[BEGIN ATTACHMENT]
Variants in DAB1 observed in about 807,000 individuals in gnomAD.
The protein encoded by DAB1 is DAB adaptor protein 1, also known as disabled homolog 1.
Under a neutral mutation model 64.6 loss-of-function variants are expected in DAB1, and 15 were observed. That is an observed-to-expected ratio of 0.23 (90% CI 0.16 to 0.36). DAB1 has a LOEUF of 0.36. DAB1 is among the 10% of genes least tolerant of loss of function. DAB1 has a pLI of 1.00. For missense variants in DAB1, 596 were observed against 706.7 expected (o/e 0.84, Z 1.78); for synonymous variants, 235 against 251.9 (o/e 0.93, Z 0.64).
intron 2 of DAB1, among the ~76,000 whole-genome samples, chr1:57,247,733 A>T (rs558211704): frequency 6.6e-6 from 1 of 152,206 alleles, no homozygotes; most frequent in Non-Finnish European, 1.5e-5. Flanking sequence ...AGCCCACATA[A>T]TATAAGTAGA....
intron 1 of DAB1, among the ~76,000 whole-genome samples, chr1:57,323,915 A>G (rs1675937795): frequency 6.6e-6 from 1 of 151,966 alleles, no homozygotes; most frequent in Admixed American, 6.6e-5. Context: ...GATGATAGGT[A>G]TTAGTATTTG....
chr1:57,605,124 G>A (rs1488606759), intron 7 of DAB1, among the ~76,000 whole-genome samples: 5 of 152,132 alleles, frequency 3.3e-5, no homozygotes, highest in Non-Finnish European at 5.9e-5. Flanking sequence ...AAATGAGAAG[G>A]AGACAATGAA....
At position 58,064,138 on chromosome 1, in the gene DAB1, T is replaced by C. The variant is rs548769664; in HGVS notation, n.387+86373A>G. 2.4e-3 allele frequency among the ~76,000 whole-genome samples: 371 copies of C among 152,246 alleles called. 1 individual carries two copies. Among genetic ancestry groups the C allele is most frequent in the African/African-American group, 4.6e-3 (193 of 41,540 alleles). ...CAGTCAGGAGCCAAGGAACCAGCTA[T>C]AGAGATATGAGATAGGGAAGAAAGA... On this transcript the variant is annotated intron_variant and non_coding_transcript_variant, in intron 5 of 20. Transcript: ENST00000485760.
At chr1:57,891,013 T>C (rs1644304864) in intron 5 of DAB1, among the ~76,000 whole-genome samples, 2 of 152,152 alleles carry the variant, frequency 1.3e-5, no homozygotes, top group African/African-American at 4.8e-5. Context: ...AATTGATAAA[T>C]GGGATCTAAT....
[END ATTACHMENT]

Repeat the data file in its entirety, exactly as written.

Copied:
Variants in DAB1 observed in about 807,000 individuals in gnomAD.
The protein encoded by DAB1 is DAB adaptor protein 1, also known as disabled homolog 1.
Under a neutral mutation model 64.6 loss-of-function variants are expected in DAB1, and 15 were observed. That is an observed-to-expected ratio of 0.23 (90% CI 0.16 to 0.36). DAB1 has a LOEUF of 0.36. DAB1 is among the 10% of genes least tolerant of loss of function. DAB1 has a pLI of 1.00. For missense variants in DAB1, 596 were observed against 706.7 expected (o/e 0.84, Z 1.78); for synonymous variants, 235 against 251.9 (o/e 0.93, Z 0.64).
intron 2 of DAB1, among the ~76,000 whole-genome samples, chr1:57,247,733 A>T (rs558211704): frequency 6.6e-6 from 1 of 152,206 alleles, no homozygotes; most frequent in Non-Finnish European, 1.5e-5. Flanking sequence ...AGCCCACATA[A>T]TATAAGTAGA....
intron 1 of DAB1, among the ~76,000 whole-genome samples, chr1:57,323,915 A>G (rs1675937795): frequency 6.6e-6 from 1 of 151,966 alleles, no homozygotes; most frequent in Admixed American, 6.6e-5. Context: ...GATGATAGGT[A>G]TTAGTATTTG....
chr1:57,605,124 G>A (rs1488606759), intron 7 of DAB1, among the ~76,000 whole-genome samples: 5 of 152,132 alleles, frequency 3.3e-5, no homozygotes, highest in Non-Finnish European at 5.9e-5. Flanking sequence ...AAATGAGAAG[G>A]AGACAATGAA....
At position 58,064,138 on chromosome 1, in the gene DAB1, T is replaced by C. The variant is rs548769664; in HGVS notation, n.387+86373A>G. 2.4e-3 allele frequency among the ~76,000 whole-genome samples: 371 copies of C among 152,246 alleles called. 1 individual carries two copies. Among genetic ancestry groups the C allele is most frequent in the African/African-American group, 4.6e-3 (193 of 41,540 alleles). ...CAGTCAGGAGCCAAGGAACCAGCTA[T>C]AGAGATATGAGATAGGGAAGAAAGA... On this transcript the variant is annotated intron_variant and non_coding_transcript_variant, in intron 5 of 20. Transcript: ENST00000485760.
At chr1:57,891,013 T>C (rs1644304864) in intron 5 of DAB1, among the ~76,000 whole-genome samples, 2 of 152,152 alleles carry the variant, frequency 1.3e-5, no homozygotes, top group African/African-American at 4.8e-5. Context: ...AATTGATAAA[T>C]GGGATCTAAT....